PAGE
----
In theory, FriendFeed is a service that should appeal to people who are enthusiastic about social media because it provides the ability to quickly get a broad snapshot of a person’s digital activity – everything from Twitter and Facebook to blog posts and Flickr.
In other words, it’s one-stop social media shopping.
The reality, however, is FriendFeed has limited appeal. If you take a look at data from Compete.com, you can see that Friendfeed’s traffic peaked a couple of months ago at about one million unique users (U.S) before dropping 10% in July.
This may be due to people taking summer vacation but it also suggests Friendfeed’s limited appeal. In many respects, Friendfeed is social media over-kill because it gives you the entire menu as opposed to separate “servings”.
For some people, an all-you-can-eat social media “buffet” is appealing but I think most people prefer less rather than more, which is why Twitter has resonated in such a major way.
This isn’t to suggest Friendfeed isn’t a useful or interesting service but perhaps that it serves a niche audience. This market reality and the absence of a revenue model made it difficult for Friendfeed to create a viable business. So, when Facebook came around with a takeover offer, it was probably difficult for Friendfeed’s founders (a group of ex-Google employees) and investors to turn down.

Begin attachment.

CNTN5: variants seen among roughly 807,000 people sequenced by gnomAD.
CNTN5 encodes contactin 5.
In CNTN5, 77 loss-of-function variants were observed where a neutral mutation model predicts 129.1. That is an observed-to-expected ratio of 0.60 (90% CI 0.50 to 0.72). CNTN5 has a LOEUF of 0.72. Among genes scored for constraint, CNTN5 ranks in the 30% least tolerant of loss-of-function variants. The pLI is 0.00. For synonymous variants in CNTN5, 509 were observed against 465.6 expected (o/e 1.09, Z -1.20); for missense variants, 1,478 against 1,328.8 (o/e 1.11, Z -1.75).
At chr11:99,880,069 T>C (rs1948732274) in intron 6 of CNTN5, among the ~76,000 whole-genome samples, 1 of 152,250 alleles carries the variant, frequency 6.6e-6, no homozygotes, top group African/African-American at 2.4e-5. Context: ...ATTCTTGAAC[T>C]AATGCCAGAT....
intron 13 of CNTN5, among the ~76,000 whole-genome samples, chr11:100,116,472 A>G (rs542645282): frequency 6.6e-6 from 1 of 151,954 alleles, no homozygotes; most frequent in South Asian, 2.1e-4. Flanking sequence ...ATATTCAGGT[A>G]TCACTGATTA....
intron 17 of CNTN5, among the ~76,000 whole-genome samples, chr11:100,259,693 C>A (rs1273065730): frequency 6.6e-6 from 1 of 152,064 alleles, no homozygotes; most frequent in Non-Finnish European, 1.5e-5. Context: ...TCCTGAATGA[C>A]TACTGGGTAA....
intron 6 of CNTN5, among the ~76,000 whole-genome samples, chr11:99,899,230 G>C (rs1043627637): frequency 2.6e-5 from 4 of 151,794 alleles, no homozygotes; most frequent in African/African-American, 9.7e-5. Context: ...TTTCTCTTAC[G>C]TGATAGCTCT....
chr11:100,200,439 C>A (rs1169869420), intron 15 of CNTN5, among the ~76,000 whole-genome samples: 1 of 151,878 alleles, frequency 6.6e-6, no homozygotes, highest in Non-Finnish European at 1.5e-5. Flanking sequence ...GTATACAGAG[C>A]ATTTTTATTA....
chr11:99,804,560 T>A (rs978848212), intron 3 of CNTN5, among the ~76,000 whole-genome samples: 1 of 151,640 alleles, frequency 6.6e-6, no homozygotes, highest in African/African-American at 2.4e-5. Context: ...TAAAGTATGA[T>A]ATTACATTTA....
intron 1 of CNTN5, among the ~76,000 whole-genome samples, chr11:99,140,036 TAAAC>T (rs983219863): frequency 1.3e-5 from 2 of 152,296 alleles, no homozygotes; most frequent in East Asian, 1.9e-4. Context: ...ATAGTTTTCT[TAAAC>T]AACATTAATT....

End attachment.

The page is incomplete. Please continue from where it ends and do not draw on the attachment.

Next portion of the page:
That said, Friendfeed as a feature within Facebook may thrive as it becomes integrated into the Facebook ecosystem and gets exposed to a new audience of 250 million users.
For more thoughts on the Facebook-Friendfeed deal, check out Social Media Today’s Paul Chaney. As well, Franklin Petitt has a good post looking at how Friendfeed introducing a lot of interesting features during its relatively short lifespan.